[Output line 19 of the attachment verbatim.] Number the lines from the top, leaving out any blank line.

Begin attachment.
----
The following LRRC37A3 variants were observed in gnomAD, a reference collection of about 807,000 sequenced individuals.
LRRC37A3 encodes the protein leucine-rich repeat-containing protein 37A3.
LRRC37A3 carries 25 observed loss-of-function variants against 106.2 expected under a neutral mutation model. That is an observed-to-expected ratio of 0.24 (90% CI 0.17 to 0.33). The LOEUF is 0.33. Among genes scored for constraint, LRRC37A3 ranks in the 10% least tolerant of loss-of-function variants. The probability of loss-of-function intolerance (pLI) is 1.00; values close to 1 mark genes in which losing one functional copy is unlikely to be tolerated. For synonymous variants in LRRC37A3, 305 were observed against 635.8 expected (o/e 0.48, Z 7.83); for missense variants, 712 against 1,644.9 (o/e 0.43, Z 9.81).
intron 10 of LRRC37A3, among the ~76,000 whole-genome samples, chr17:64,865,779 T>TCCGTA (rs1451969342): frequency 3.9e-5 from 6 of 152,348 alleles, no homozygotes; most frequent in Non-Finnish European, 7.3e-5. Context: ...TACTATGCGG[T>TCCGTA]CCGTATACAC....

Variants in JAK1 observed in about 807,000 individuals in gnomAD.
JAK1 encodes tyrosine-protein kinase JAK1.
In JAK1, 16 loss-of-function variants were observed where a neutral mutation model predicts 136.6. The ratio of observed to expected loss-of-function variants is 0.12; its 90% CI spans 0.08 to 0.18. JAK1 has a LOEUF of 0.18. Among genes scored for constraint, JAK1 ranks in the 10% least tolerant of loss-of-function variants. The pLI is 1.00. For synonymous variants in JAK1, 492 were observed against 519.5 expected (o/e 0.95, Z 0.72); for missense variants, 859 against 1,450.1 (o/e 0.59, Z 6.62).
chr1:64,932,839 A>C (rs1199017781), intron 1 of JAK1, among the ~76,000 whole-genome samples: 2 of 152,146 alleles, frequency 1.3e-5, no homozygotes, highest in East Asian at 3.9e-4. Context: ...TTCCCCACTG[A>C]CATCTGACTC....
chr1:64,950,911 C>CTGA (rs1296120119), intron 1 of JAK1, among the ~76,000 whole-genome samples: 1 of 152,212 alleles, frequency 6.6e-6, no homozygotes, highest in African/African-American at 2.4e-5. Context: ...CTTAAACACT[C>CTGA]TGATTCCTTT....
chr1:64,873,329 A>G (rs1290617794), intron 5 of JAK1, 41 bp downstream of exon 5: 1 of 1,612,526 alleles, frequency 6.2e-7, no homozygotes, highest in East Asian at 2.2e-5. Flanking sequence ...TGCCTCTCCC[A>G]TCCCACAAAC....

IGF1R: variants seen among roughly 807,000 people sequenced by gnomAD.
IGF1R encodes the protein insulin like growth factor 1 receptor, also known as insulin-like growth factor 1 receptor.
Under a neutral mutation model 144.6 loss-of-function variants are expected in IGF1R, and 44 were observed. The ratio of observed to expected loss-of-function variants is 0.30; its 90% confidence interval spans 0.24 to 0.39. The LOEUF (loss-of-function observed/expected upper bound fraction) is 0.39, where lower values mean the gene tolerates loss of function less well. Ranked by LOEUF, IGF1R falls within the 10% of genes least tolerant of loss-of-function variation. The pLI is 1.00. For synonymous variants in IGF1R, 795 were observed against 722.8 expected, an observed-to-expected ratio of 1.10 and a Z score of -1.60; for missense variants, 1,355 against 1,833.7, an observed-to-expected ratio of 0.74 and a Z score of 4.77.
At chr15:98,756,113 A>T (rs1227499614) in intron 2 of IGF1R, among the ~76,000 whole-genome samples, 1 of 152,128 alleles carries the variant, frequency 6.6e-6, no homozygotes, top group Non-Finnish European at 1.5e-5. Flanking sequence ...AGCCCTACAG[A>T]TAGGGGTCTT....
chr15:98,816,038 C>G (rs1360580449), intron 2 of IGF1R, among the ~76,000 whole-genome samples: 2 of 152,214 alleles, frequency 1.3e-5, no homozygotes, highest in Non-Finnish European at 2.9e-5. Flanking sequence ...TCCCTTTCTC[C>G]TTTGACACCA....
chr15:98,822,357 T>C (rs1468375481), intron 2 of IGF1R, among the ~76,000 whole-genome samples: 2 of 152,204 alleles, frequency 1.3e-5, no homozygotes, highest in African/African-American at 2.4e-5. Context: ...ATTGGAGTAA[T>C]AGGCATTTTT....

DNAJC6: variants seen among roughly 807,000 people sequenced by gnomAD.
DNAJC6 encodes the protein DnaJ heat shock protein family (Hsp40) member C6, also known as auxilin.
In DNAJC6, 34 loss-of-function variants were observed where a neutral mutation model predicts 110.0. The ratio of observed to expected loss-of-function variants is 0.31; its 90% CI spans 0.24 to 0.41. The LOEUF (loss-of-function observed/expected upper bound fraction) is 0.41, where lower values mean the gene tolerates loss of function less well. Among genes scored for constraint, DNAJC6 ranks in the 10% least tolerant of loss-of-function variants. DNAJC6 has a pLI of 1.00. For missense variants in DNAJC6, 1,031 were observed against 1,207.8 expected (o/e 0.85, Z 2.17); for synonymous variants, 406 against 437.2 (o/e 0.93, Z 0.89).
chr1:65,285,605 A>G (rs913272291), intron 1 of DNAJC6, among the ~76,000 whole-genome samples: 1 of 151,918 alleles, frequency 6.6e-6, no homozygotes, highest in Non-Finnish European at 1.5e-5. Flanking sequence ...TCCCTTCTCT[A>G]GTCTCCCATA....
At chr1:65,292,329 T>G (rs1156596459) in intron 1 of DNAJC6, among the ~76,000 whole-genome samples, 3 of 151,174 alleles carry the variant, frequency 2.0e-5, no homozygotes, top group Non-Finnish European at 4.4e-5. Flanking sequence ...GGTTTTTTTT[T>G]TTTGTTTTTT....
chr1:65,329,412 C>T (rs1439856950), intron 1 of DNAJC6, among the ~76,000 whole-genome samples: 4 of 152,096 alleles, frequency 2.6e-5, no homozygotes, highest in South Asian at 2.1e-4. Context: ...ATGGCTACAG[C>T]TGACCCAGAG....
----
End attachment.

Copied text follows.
In DNAJC6, 34 loss-of-function variants were observed where a neutral mutation model predicts 110.0. The ratio of observed to expected loss-of-function variants is 0.31; its 90% CI spans 0.24 to 0.41. The LOEUF (loss-of-function observed/expected upper bound fraction) is 0.41, where lower values mean the gene tolerates loss of function less well. Among genes scored for constraint, DNAJC6 ranks in the 10% least tolerant of loss-of-function variants. DNAJC6 has a pLI of 1.00. For missense variants in DNAJC6, 1,031 were observed against 1,207.8 expected (o/e 0.85, Z 2.17); for synonymous variants, 406 against 437.2 (o/e 0.93, Z 0.89).